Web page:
1982 Thunderbirds crash

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posted on May, 10 2014 @ 10:03 PM
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For tonight's trip into the Wayback Machine, we're going to look at the 1982 Thunderbirds crash.

To start with, we have to look at September 8, 1981. The Team had just completed a performance at Burke Lakefront Airport, in Cleveland, and were departing for Nellis AFB, NV and home. At the time the Team flew T-38 Talon aircraft, and the Crew Chief flew in the back seat on routine transit flights.

On this day, with a huge crowd watching, both at the airport and in office buildings nearby, Team Commander Lt. Col. David Smith, and his Crew Chief, Staff Sergeant Dwight Roberts departed the airport in Thunderbird #1. Upon takeoff, the aircraft impacted a flock of seagulls, losing power and catching fire. Both Col. Smith, and SSGT Roberts were able to eject from the aircraft, but Col. Smith's chute didn't have time to open before he impacted the rocks, and went into the lake. He was killed instantly. This accident ended the 1981 season (which was approaching the end anyway) for the Team.

tangotillyouresore.wordpress.com...

After the 1981 crash, Major Normal Lowry, who had been selected already to lead the Team, stepped into the role of Commander. The Team then began practice for the 1982 season.

On January 18, 1982 the Team was practicing for the Davis-Monthan Air Show, at the Indian Springs Air Force Auxiliary Field (this is important later). The Diamond (aircraft 1-4) were performing the Line Abreast Loop, where the four aircraft go into a slow loop, side by side, then drop down the back side of the loop at 400 mph, pulling out approximately 100 feet above the ground. At some point during the loop, Thunderbird #1 apparently suffered a mechanical failure. All four aircraft struck the ground so close to simultaneously that no one could tell which aircraft hit first. All four pilots were killed instantly in the impact.

Impact site

There were several eyewitness accounts, and Tech Sergeant Alfred King was videotaping the practice for later review. He taped the aircraft to impact with the ground.

Thanks to the video tape, it was determined that the likely cause was a jammed stabilizer on Thunderbird #1. As per their training, the other three pilots never looked away from the lead aircraft.

After the crash, Major General Gerald Larson lead the investigation into the cause of the crash. Thanks to the video tape, the Board determined the likely cause to be a jammed stabilizer on Thunderbird #1. The other three pilots never looked away from the lead aircraft, and flew into the ground with him.

After the completion of the investigation, General Wilbur Creech, who had control of all copies of the video tape of the crash, without input or direction from the Judge Advocate Generals office ordered all copies of the tape either destroyed, or partially erased. He stated that two copies of the tape were completely destroyed, and he personally, erased the last few seconds of the master copy of the tape, that showed the fireball.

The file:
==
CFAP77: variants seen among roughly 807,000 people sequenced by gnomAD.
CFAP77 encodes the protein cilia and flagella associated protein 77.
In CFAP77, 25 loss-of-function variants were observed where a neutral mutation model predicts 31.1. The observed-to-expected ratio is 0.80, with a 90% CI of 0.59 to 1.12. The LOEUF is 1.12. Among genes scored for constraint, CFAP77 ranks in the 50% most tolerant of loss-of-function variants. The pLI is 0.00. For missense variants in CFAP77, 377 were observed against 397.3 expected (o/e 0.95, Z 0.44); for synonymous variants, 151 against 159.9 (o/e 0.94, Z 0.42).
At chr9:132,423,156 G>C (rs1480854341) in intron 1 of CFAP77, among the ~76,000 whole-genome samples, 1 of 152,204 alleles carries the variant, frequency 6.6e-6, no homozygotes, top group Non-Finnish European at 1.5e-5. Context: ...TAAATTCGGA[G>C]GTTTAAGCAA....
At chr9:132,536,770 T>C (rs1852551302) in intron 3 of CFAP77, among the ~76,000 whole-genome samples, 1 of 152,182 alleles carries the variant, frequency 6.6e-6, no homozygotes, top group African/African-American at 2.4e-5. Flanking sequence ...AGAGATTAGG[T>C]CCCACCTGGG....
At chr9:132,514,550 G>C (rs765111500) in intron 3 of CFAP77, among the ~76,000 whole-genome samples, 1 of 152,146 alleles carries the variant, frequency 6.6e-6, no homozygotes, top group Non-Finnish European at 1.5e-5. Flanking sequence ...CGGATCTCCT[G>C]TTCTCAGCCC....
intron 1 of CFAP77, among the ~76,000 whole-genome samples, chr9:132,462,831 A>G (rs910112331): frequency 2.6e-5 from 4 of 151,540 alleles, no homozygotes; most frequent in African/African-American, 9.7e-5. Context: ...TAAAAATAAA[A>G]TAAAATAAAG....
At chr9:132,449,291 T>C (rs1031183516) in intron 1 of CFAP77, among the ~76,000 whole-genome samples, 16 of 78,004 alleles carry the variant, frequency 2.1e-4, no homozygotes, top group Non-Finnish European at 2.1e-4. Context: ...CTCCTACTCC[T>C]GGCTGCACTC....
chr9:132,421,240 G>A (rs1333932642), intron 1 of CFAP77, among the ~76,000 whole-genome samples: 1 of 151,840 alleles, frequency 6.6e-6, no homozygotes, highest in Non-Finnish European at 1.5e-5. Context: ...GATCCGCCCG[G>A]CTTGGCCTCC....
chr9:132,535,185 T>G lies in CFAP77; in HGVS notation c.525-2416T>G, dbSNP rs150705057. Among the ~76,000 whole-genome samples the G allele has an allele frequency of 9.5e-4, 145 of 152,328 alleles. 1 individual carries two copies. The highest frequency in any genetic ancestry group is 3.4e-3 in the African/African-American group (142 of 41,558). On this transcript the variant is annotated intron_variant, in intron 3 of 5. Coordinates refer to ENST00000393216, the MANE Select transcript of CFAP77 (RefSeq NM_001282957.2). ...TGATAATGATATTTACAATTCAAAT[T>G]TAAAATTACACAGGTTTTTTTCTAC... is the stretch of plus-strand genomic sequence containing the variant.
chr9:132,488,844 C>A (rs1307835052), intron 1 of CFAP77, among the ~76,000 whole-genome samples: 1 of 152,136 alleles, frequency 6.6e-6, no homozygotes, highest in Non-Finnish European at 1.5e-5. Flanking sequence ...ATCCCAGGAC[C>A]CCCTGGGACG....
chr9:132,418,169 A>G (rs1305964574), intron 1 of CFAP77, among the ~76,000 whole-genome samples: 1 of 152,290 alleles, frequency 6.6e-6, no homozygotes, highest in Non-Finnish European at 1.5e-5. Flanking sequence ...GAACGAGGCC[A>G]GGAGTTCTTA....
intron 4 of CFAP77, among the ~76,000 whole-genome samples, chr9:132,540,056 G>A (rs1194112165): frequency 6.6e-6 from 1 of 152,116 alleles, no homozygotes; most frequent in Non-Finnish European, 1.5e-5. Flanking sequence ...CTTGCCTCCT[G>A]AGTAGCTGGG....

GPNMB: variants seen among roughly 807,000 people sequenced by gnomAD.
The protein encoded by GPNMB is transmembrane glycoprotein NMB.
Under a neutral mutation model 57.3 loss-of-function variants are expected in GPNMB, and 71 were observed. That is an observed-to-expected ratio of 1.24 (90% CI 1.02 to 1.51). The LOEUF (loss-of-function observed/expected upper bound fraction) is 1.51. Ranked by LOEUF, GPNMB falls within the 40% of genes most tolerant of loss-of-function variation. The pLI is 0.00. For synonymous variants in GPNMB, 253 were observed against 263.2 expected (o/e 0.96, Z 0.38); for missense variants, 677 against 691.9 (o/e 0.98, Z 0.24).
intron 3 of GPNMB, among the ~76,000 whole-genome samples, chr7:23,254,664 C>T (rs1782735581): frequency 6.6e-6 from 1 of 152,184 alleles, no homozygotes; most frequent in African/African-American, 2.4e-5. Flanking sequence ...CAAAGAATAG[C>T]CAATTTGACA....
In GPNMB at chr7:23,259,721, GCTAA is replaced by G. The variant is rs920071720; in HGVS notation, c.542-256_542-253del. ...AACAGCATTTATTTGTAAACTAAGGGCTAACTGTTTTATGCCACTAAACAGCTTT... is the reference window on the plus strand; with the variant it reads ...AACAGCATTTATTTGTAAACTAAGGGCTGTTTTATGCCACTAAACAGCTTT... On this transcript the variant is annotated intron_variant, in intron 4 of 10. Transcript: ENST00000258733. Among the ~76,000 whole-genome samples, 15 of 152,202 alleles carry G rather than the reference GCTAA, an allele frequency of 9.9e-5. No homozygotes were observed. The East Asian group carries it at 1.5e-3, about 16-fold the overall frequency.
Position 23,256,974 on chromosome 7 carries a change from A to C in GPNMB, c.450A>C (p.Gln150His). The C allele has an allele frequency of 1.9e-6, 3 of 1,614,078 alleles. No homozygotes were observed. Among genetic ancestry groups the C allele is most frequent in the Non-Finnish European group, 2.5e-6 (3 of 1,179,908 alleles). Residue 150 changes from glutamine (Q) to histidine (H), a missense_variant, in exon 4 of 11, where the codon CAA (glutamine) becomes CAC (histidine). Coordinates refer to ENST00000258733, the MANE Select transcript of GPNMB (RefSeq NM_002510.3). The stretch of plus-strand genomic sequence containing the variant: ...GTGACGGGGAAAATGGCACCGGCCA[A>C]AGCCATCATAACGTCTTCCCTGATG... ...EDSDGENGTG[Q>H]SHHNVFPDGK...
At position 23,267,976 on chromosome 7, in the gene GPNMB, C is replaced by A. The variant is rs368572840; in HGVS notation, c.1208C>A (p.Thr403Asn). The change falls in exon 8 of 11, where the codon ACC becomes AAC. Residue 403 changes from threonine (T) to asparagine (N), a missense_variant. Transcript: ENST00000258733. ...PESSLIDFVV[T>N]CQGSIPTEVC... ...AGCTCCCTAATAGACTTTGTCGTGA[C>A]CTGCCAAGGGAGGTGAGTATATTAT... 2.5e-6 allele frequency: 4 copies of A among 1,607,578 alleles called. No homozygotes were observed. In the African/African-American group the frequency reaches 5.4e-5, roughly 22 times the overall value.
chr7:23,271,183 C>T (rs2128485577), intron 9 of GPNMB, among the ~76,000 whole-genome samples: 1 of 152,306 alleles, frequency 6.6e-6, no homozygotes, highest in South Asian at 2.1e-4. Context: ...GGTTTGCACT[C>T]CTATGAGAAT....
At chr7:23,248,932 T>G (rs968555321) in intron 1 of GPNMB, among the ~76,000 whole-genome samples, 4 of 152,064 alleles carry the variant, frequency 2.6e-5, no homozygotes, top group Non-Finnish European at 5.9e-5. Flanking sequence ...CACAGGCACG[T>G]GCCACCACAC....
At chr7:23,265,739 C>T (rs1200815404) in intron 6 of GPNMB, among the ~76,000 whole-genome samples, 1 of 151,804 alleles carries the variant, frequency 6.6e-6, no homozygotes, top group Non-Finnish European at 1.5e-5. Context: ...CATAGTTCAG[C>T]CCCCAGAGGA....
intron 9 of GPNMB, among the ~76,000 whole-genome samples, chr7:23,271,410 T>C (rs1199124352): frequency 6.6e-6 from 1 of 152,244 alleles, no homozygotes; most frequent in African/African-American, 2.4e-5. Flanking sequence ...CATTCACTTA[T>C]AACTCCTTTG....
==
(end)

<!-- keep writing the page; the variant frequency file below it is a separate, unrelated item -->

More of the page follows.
GAO report on the video tape

The Thunderbirds cancelled the entire 1982 season, and started the transition from the T-38 Talon, to the current F-16 Falcon. Several former Thunderbird pilots were called back to the Team, and certified in the F-16. They began by flying 2 ship formations through all the maneuvers, eventually leading up to all six aircraft being involved.

Their first performance in the F-16 was the start of the 1983 season, and they have flown them since. In 2005, Indian Springs Air Force Auxiliary Field was renamed Creech Air Force Base in honor of General Wilbur Creech.

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edit on 5/10/2014 by Zaphod58 because: (no reason given)




posted on May, 11 2014 @ 12:17 AM
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a reply to: Zaphod58

wow... just wow... emotionally gripping stuff. the 4 plane crash is a testament to their training and skill if nothing else.

the first crash in 81 makes me sick to my stomach. i have a recurring nightmare that I'm falling and traveling forward at a great deal of speed and always wake up right at impact, the feeling in the last few seconds leading up to the impact is so intense and just brain frying and its only a dream. the intensity of those last few moments are probably some of the more intense moments felt by anyone ever id be willing to wager.(no way we can ever know that but you get my point)

these are the situations that every enlisted man and woman wake up and knowingly face every day. some more then others. this is why i hold most soldiers and marines in the highest of reverence. its really almost inhuman to go into every day knowing that it could end in just terrible catastrophic failure and not letting it hinder you. the uncontrollable factor that flyboys face to me adds even more to the stress of their job. the speeds and altitudes that a lot of pilots operate at make parachutes null and void and besides all the real dangerous times a parachute isnt gonna do ya much good anyway.